How Tom Perez Embodies the Democrats’ TPP Rift

How Tom Perez Embodies the Democrats’ TPP Rift

When it comes to the Trans-Pacific Partnership (TPP), Tom Perez is stuck between a rock and a hard place—or rather, between his current boss, President Barack Obama, and his potential future boss, Hillary Clinton.

In his role as the U.S. labor secretary, Perez has gone to the mat for Obama as a prominent supporter of the trade agreement. He’s quick to admit that past trade deals like NAFTA have been disasters for working people, but he’s even quicker to insist that the TPP is different—that it addresses past shortcomings with real, enforceable labor standards.

He’s long been in an awkward position on his support for the deal, given that his allies at the labor unions vehemently oppose the deal. Still, labor leaders have largely given Perez a pass on his TPP support, as they understand the position he’s in and are huge fans of everything else he’s done as labor secretary.

However, with vice-presidential speculation swirling around him; a renewed focus on the Democratic Party’s position on the TPP; and increased pressure from both progressives and Trump on Clinton’s own position, Perez is in a trickier spot than ever before.

In an interview on Meet the Press with Chuck Todd on Sunday, Perez said that his work constructing labor protections and promoting the deal was part of his job. “This is what the president tasked me with doing, Chuck, and I was proud to do it,” he said.

The rift, he says, is regarding whether the deal ensures "the strongest protections for the workers that we've ever had." 

“The president and Clinton have a disagreement on whether TPP has gone that far. This is not the first time in the history of the Democratic Party that there have been differences of opinion," Perez said.

But he evaded a direct answer on whether he, as a “political citizen” and not as a member of Obama’s cabinet, personally supported the agreement. The evasion is indicative of a future pivot that Perez would have to soon make should he be tapped for the vice presidential slot or another position in a Clinton administration. That’s a stark change from when he said just over a year ago that “[t]rade agreements like the TPP are critical to our 21st century competitiveness."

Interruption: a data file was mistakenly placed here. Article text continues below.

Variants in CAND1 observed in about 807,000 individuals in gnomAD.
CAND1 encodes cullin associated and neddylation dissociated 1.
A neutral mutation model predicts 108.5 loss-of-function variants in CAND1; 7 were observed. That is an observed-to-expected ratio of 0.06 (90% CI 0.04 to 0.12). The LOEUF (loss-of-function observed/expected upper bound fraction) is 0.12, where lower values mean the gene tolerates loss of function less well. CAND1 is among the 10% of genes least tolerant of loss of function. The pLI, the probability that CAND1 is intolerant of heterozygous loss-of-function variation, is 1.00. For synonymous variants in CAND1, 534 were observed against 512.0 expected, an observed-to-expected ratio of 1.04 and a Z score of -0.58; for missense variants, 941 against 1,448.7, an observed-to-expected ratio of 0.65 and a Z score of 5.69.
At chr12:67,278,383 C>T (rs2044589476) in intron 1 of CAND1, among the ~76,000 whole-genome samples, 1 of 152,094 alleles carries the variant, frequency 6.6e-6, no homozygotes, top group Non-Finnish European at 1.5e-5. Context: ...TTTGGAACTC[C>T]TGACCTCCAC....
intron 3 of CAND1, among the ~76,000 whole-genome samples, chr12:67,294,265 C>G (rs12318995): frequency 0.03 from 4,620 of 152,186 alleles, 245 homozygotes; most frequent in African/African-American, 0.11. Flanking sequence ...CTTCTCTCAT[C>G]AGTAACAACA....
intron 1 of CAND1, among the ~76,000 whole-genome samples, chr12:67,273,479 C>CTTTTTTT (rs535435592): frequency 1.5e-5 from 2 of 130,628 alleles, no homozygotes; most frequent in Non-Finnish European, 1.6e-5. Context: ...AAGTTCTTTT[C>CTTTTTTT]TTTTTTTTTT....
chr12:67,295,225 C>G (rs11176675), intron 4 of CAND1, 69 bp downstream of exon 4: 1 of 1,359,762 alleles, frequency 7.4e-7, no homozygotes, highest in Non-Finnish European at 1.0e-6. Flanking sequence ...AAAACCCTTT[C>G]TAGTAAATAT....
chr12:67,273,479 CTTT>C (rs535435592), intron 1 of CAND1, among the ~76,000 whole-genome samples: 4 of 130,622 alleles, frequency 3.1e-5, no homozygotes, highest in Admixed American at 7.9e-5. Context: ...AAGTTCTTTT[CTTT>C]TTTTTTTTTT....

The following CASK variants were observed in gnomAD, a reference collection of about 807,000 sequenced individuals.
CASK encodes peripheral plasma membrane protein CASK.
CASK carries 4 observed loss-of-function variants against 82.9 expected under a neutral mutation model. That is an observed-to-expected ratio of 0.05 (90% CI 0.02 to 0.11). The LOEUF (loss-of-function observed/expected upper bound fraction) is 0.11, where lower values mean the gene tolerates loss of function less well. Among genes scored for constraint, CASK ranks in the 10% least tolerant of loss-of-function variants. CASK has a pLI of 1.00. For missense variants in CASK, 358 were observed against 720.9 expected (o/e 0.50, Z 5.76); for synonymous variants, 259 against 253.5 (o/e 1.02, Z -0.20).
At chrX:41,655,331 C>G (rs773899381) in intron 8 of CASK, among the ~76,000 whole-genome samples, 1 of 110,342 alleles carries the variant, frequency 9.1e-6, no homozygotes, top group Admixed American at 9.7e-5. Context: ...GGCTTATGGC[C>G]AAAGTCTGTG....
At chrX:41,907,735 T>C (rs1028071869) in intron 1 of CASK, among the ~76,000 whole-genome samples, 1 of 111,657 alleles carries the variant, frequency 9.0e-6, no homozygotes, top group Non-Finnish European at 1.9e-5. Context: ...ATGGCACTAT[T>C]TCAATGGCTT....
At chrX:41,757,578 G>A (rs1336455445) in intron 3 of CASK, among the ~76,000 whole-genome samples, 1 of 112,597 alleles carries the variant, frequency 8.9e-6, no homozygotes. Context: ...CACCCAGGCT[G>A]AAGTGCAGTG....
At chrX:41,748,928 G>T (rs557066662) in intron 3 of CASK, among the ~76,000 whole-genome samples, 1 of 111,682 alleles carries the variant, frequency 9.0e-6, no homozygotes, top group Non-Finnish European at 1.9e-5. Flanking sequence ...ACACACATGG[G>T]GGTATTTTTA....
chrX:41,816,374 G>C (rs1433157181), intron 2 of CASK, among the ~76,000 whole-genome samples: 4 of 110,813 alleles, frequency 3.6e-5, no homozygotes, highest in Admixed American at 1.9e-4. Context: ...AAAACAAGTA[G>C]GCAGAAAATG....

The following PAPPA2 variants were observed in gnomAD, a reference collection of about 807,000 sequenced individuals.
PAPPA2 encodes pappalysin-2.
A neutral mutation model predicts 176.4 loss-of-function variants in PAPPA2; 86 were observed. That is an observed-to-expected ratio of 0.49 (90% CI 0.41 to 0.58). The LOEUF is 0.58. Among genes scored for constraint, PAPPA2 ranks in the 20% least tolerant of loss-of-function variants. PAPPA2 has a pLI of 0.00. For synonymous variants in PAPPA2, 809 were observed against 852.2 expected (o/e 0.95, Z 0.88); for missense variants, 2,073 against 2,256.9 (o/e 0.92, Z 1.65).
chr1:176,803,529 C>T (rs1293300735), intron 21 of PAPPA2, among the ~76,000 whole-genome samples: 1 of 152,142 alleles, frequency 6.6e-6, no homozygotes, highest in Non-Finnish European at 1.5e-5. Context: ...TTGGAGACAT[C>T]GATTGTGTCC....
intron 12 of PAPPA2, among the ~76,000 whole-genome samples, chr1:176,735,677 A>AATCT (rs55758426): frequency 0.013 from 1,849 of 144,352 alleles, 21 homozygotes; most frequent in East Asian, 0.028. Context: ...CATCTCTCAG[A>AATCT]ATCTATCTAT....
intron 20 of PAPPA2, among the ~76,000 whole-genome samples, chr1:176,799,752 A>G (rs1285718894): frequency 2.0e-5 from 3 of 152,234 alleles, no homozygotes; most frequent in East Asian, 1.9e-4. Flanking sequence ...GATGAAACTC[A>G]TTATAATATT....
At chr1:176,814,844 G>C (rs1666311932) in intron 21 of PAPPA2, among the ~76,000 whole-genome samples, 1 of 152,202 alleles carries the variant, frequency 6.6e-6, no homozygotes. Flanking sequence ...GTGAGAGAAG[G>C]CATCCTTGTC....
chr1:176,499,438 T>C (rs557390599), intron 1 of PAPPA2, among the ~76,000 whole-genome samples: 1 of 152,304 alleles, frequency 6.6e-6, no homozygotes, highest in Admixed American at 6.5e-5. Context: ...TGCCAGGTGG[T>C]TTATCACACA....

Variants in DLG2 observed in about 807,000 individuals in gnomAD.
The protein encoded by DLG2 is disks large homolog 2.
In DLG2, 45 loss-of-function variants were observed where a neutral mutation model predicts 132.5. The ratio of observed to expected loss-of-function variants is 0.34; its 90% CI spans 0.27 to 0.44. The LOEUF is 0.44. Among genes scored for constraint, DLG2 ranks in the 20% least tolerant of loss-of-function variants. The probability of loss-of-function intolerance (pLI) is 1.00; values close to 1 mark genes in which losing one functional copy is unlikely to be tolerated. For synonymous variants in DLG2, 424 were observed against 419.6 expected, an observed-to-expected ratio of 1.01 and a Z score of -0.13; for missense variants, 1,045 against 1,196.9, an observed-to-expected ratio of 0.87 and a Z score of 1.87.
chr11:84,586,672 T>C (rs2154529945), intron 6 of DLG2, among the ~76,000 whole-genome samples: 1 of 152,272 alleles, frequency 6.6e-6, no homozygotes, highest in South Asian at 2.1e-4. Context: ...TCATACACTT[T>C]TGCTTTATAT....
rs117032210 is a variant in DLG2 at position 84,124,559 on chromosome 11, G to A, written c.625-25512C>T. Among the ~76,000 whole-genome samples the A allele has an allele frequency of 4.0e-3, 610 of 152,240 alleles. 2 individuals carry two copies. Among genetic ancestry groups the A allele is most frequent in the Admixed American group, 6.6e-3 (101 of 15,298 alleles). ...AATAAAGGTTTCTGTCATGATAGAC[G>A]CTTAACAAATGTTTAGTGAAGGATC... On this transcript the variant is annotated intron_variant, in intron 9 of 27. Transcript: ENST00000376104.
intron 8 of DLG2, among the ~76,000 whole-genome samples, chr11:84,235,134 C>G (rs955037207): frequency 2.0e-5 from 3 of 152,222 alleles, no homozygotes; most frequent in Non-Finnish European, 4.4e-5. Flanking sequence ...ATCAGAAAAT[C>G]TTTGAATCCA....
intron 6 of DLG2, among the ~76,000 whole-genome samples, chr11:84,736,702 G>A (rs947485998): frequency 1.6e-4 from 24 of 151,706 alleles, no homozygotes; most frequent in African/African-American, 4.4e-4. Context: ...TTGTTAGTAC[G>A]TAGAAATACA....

Perez’s current political quandary, however, is a product of the larger rift within the Democratic Party. The TPP remains a powder keg, just waiting to blow up the party as unity on the issue remains elusive.

Last week, when the Democratic National Committee released a draft of its party platform, it declined to explicitly condemn the TPP, citing “the diversity of views” on the matter. Given the fact that 85 percent of House Democrats voted against fast-tracking the deal last year, it was clear that the “diversity of views” was a polite way of saying that there was no way the DNC would officially snub a major hallmark of Obama’s presidency.

And that’s precisely where the dividing line is in the Democratic Party. On one side is Obama and those who support the deal as is. On the other side, the full spectrum of opposition runs from Clinton, who has sharpened her position to calling for stronger trade prosecution against China and protections for the U.S. auto industry, to Bernie Sanders, who thinks the deal should be thrown out altogether and is lobbying DNC delegates to support a platform amendment explicitly opposing the TPP.

Perez will be forced to continue the political straddling—acknowledging the disagreement between Clinton and Obama without expounding on it—throughout the campaign. That is unless the political cosmos aligns and he is tapped as vice president, or Obama tacitly agrees to back off on pushing for a lame-duck vote, or the DNC changes its platform.

In any case, Perez will be an important bellwether in monitoring how the party ultimately handles an Obama-to-Clinton TPP transition.